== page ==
The American Revolution — its war for independence from Britain — began as a small skirmish between British troops and armed colonists on April 19, 1775.
The British had set out from Boston, Massachusetts, to seize weapons and ammunition that revolutionary colonists had collected in nearby villages. At Lexington, they met a group of Minutemen, who got that name because they were said be ready to fight in a minute. The Minutemen intended only a silent protest, and their leader told them not to shoot unless fired on first. The British ordered the Minutemen to disperse, and they complied. As they were withdrawing, someone fired a shot. The British troops attacked the Minutemen with guns and bayonets.
Fighting broke out at other places along the road as the British soldiers in their bright red uniforms made their way back to Boston. More than 250 “redcoats” were killed or wounded. The Americans lost 93 men.
Deadly clashes continued around Boston as colonial representatives hurried to Philadelphia to discuss the situation. A majority voted to go to war against Britain. They agreed to Alexander Hamilton, secretary of the treasury in the administration of President George Washington. Hamilton advocated a strong federal government and the encouragement of industry, combine colonial militias into a continental army, and they appointed George Washington of Virginia as commander-in-chief.
At the same time, however, this Second Continental Congress adopted a peace resolution urging King George III to prevent further hostilities. The king rejected it and on August 23 declared that the American colonies were in rebellion. Calls for independence intensified in the coming months. Radical political theorist Thomas Paine helped crystallize the argument for separation. In a pamphlet called Common Sense, which sold 100,000 copies, he attacked the idea of a hereditary monarchy. Paine presented two alternatives for America: continued submission under a tyrannical king and outworn system of government, or liberty and happiness as a selfsufficient, independent republic.
The Second Continental Congress appointed a committee, headed by Thomas Jeff erson of Virginia, to prepare a document outlining the colonies’ grievances against the king and explaining their decision to break away. This Declaration of Independence was adopted on July 4, 1776. The 4th of July has since been celebrated as America’s Independence Day.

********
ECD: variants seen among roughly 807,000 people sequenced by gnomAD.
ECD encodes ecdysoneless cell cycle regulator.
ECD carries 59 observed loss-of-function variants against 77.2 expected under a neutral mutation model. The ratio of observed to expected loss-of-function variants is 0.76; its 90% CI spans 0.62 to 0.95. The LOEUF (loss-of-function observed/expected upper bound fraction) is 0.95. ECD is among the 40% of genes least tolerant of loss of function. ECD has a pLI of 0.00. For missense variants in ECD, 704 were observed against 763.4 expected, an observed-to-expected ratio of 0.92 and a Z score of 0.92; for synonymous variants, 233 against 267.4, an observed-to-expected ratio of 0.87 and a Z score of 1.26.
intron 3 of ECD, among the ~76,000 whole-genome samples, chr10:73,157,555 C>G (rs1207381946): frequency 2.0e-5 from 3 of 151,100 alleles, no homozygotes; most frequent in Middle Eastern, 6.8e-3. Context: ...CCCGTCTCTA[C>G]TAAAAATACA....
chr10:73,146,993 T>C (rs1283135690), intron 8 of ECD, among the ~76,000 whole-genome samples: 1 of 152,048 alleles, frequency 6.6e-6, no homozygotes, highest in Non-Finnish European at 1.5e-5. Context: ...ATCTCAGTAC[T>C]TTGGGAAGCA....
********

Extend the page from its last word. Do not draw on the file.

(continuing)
The Declaration of Independence not only announced the birth of a new nation. It also set forth a philosophy of human freedom that would become a dynamic force throughout the world. It drew upon French and British political ideas, especially those of John Locke in his Second Treatise on Government, reaffirming the belief that political rights are basic human rights, and are thus universal.
Declaring independence did not make Americans free. British forces routed continental troops in New York, from Long Island to New York City. They defeated the Americans at Brandywine, Pennsylvania, and occupied Philadelphia, forcing the Continental Congress to flee. American forces were victorious at Saratoga, New York, and at Trenton and Princeton in New Jersey.
Yet George Washington continually struggled to get the men and materials he desperately needed. Decisive help came in 1778, when France recognized the United States and signed a bilateral defense treaty.
The fighting that began at Lexington, Massachusetts, continued for eight years across a large portion of the continent. Battles were fought from Montreal, Canada, in the north to Savannah, Georgia, in the south. A huge British army
surrendered at Yorktown, Virginia, in 1781, yet the war dragged on with inconclusive results for another two years. A peace treaty was finally signed in Paris on April 15, 1783.
The Revolution had a significance far beyond North America. It attracted the attention of Europe’s political theorists and strengthened the concept of natural rights throughout the Western world. It attracted notables such as Thaddeus Kosciusko, Friedrich von Steuben, and the Marquis de Lafayette, who joined the revolution and hoped to transfer its liberal ideas to their own countries.
The Treaty of Paris acknowledged the independence, freedom, and sovereignty of the 13 former American colonies, now states. The task of knitting them together into a new nation lay ahead.
U.S. Independence Day a Civic and Social Event